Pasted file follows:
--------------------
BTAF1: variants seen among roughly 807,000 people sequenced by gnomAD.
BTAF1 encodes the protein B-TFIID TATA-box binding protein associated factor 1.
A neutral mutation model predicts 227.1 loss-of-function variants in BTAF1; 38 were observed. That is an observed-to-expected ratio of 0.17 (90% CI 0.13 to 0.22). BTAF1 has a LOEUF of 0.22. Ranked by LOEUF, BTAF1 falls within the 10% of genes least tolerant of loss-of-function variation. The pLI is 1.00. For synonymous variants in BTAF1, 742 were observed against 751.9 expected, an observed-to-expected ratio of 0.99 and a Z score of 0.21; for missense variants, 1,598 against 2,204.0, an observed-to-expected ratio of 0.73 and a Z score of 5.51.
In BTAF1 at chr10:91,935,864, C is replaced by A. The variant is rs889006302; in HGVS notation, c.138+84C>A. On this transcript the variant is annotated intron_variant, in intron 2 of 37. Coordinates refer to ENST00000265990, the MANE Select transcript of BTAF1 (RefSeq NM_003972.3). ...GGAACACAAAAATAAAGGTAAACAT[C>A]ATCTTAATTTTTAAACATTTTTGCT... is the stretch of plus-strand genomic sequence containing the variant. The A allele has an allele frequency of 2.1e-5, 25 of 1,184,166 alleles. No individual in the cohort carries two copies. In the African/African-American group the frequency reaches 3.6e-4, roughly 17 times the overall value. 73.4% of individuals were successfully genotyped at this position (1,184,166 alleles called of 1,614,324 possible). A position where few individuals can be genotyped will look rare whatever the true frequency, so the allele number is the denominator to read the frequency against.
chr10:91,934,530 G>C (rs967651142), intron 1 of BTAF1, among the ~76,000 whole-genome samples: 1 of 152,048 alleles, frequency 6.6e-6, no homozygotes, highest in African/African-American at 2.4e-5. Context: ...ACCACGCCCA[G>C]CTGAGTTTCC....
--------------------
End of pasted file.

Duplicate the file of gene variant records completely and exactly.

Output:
BTAF1: variants seen among roughly 807,000 people sequenced by gnomAD.
BTAF1 encodes the protein B-TFIID TATA-box binding protein associated factor 1.
A neutral mutation model predicts 227.1 loss-of-function variants in BTAF1; 38 were observed. That is an observed-to-expected ratio of 0.17 (90% CI 0.13 to 0.22). BTAF1 has a LOEUF of 0.22. Ranked by LOEUF, BTAF1 falls within the 10% of genes least tolerant of loss-of-function variation. The pLI is 1.00. For synonymous variants in BTAF1, 742 were observed against 751.9 expected, an observed-to-expected ratio of 0.99 and a Z score of 0.21; for missense variants, 1,598 against 2,204.0, an observed-to-expected ratio of 0.73 and a Z score of 5.51.
In BTAF1 at chr10:91,935,864, C is replaced by A. The variant is rs889006302; in HGVS notation, c.138+84C>A. On this transcript the variant is annotated intron_variant, in intron 2 of 37. Coordinates refer to ENST00000265990, the MANE Select transcript of BTAF1 (RefSeq NM_003972.3). ...GGAACACAAAAATAAAGGTAAACAT[C>A]ATCTTAATTTTTAAACATTTTTGCT... is the stretch of plus-strand genomic sequence containing the variant. The A allele has an allele frequency of 2.1e-5, 25 of 1,184,166 alleles. No individual in the cohort carries two copies. In the African/African-American group the frequency reaches 3.6e-4, roughly 17 times the overall value. 73.4% of individuals were successfully genotyped at this position (1,184,166 alleles called of 1,614,324 possible). A position where few individuals can be genotyped will look rare whatever the true frequency, so the allele number is the denominator to read the frequency against.
chr10:91,934,530 G>C (rs967651142), intron 1 of BTAF1, among the ~76,000 whole-genome samples: 1 of 152,048 alleles, frequency 6.6e-6, no homozygotes, highest in African/African-American at 2.4e-5. Context: ...ACCACGCCCA[G>C]CTGAGTTTCC....